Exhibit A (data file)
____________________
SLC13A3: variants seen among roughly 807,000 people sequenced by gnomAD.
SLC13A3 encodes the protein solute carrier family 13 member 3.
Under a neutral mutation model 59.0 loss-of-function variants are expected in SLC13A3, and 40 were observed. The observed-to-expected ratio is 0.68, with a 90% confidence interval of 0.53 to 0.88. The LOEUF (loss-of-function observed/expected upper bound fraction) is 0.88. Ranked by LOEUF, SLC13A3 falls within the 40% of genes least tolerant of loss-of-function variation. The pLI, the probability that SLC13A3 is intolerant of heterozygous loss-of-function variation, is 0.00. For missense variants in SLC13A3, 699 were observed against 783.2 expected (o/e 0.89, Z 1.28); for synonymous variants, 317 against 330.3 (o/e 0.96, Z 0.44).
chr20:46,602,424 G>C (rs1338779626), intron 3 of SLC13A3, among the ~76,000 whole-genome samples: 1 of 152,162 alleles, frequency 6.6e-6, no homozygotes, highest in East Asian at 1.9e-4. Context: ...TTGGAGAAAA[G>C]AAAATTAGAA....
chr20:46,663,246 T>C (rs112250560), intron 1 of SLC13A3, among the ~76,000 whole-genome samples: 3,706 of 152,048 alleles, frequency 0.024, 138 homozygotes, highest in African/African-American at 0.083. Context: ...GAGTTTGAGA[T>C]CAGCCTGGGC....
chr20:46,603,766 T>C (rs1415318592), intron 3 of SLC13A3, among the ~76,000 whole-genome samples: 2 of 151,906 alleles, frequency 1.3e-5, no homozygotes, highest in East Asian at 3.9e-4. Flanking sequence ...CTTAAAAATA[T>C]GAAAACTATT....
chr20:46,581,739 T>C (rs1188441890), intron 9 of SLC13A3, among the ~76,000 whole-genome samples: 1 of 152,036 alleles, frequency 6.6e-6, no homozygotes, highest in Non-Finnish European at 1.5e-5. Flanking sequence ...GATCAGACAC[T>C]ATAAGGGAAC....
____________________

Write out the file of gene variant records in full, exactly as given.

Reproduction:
SLC13A3: variants seen among roughly 807,000 people sequenced by gnomAD.
SLC13A3 encodes the protein solute carrier family 13 member 3.
Under a neutral mutation model 59.0 loss-of-function variants are expected in SLC13A3, and 40 were observed. The observed-to-expected ratio is 0.68, with a 90% confidence interval of 0.53 to 0.88. The LOEUF (loss-of-function observed/expected upper bound fraction) is 0.88. Ranked by LOEUF, SLC13A3 falls within the 40% of genes least tolerant of loss-of-function variation. The pLI, the probability that SLC13A3 is intolerant of heterozygous loss-of-function variation, is 0.00. For missense variants in SLC13A3, 699 were observed against 783.2 expected (o/e 0.89, Z 1.28); for synonymous variants, 317 against 330.3 (o/e 0.96, Z 0.44).
chr20:46,602,424 G>C (rs1338779626), intron 3 of SLC13A3, among the ~76,000 whole-genome samples: 1 of 152,162 alleles, frequency 6.6e-6, no homozygotes, highest in East Asian at 1.9e-4. Context: ...TTGGAGAAAA[G>C]AAAATTAGAA....
chr20:46,663,246 T>C (rs112250560), intron 1 of SLC13A3, among the ~76,000 whole-genome samples: 3,706 of 152,048 alleles, frequency 0.024, 138 homozygotes, highest in African/African-American at 0.083. Context: ...GAGTTTGAGA[T>C]CAGCCTGGGC....
chr20:46,603,766 T>C (rs1415318592), intron 3 of SLC13A3, among the ~76,000 whole-genome samples: 2 of 151,906 alleles, frequency 1.3e-5, no homozygotes, highest in East Asian at 3.9e-4. Flanking sequence ...CTTAAAAATA[T>C]GAAAACTATT....
chr20:46,581,739 T>C (rs1188441890), intron 9 of SLC13A3, among the ~76,000 whole-genome samples: 1 of 152,036 alleles, frequency 6.6e-6, no homozygotes, highest in Non-Finnish European at 1.5e-5. Flanking sequence ...GATCAGACAC[T>C]ATAAGGGAAC....